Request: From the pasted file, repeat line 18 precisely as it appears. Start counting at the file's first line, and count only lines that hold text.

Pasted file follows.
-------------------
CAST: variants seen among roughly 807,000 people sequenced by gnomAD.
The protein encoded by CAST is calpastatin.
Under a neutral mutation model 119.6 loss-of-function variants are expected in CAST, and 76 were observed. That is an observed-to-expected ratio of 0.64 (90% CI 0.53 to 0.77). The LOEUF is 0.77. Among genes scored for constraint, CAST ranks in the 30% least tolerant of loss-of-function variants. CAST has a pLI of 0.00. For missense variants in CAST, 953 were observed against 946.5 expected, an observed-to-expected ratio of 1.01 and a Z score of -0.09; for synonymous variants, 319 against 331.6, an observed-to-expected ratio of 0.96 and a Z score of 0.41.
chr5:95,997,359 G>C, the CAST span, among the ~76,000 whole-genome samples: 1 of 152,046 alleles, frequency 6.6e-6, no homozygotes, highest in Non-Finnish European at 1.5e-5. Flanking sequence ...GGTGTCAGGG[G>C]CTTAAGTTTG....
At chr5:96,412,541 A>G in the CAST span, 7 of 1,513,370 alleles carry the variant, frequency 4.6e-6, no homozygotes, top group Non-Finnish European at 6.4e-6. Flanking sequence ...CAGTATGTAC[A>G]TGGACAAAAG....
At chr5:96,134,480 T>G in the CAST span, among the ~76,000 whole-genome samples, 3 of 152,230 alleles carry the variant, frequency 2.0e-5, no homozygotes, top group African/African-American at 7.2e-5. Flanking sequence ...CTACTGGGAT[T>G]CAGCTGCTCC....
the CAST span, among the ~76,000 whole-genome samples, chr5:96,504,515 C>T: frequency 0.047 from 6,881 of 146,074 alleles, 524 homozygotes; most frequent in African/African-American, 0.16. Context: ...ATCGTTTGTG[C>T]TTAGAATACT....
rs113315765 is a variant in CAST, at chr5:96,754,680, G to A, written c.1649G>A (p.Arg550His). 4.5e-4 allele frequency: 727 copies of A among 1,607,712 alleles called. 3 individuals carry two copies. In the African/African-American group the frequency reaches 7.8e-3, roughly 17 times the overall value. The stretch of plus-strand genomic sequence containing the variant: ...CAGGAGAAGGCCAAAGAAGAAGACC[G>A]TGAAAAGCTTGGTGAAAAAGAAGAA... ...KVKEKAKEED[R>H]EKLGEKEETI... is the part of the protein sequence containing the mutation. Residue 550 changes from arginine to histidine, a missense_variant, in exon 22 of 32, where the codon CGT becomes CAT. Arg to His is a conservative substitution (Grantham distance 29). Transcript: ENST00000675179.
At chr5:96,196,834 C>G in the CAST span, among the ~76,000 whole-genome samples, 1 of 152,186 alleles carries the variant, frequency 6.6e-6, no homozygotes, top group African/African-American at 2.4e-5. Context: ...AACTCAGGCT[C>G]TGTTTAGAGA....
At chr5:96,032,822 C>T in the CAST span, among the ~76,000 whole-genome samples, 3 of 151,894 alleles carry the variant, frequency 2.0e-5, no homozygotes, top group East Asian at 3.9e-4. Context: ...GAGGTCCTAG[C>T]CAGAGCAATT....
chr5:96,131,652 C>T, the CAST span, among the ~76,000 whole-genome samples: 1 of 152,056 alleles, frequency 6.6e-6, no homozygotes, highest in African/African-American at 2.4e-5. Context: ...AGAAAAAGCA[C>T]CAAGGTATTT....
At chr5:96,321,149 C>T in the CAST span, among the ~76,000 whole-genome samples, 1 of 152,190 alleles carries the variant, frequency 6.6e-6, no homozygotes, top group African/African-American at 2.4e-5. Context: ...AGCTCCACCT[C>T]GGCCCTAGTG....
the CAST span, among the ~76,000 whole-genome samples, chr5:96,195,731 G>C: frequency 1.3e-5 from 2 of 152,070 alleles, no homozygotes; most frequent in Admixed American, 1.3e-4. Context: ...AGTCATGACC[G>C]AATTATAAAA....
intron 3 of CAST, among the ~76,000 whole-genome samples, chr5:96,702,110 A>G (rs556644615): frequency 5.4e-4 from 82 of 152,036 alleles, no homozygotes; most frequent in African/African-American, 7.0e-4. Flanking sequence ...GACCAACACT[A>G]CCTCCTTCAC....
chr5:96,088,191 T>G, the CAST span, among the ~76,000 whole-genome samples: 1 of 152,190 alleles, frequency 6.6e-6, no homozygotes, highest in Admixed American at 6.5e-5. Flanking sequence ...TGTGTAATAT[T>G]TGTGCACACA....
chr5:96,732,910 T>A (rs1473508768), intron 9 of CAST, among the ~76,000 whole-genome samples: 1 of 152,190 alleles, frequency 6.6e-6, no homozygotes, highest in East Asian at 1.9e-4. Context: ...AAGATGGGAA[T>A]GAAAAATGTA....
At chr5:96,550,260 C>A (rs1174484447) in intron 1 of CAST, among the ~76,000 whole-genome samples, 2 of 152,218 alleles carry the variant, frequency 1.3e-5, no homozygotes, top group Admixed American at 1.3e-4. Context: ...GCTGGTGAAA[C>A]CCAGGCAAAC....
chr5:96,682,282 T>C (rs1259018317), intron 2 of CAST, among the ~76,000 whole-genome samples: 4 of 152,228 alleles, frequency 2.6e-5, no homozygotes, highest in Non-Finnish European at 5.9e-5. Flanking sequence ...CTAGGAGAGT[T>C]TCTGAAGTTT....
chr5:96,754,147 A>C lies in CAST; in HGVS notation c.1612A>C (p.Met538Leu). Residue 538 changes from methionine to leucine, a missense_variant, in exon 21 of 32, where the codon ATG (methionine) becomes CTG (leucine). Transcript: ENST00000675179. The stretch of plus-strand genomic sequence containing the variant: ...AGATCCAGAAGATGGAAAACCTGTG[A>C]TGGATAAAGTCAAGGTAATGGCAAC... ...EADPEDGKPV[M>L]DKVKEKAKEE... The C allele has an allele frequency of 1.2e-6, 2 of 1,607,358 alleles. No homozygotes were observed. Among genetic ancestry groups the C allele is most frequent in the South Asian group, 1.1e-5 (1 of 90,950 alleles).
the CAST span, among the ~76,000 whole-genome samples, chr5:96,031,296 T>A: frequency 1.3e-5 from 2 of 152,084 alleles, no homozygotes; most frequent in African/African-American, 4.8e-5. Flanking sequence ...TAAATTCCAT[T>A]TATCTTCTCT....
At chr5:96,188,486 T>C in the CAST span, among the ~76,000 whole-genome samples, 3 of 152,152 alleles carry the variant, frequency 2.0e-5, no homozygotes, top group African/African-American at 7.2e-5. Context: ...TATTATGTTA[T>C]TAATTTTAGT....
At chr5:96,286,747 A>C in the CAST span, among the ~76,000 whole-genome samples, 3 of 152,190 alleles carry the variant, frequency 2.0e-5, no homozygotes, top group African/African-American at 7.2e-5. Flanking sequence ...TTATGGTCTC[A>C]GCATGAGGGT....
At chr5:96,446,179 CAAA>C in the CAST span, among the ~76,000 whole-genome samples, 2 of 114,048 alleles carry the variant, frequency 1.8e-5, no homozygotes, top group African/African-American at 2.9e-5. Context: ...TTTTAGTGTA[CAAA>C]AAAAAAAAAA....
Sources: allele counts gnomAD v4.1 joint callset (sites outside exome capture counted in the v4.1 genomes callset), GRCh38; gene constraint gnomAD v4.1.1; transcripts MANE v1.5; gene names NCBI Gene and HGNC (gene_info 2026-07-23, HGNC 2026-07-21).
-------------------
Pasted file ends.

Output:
chr5:96,682,282 T>C (rs1259018317), intron 2 of CAST, among the ~76,000 whole-genome samples: 4 of 152,228 alleles, frequency 2.6e-5, no homozygotes, highest in Non-Finnish European at 5.9e-5. Flanking sequence ...CTAGGAGAGT[T>C]TCTGAAGTTT....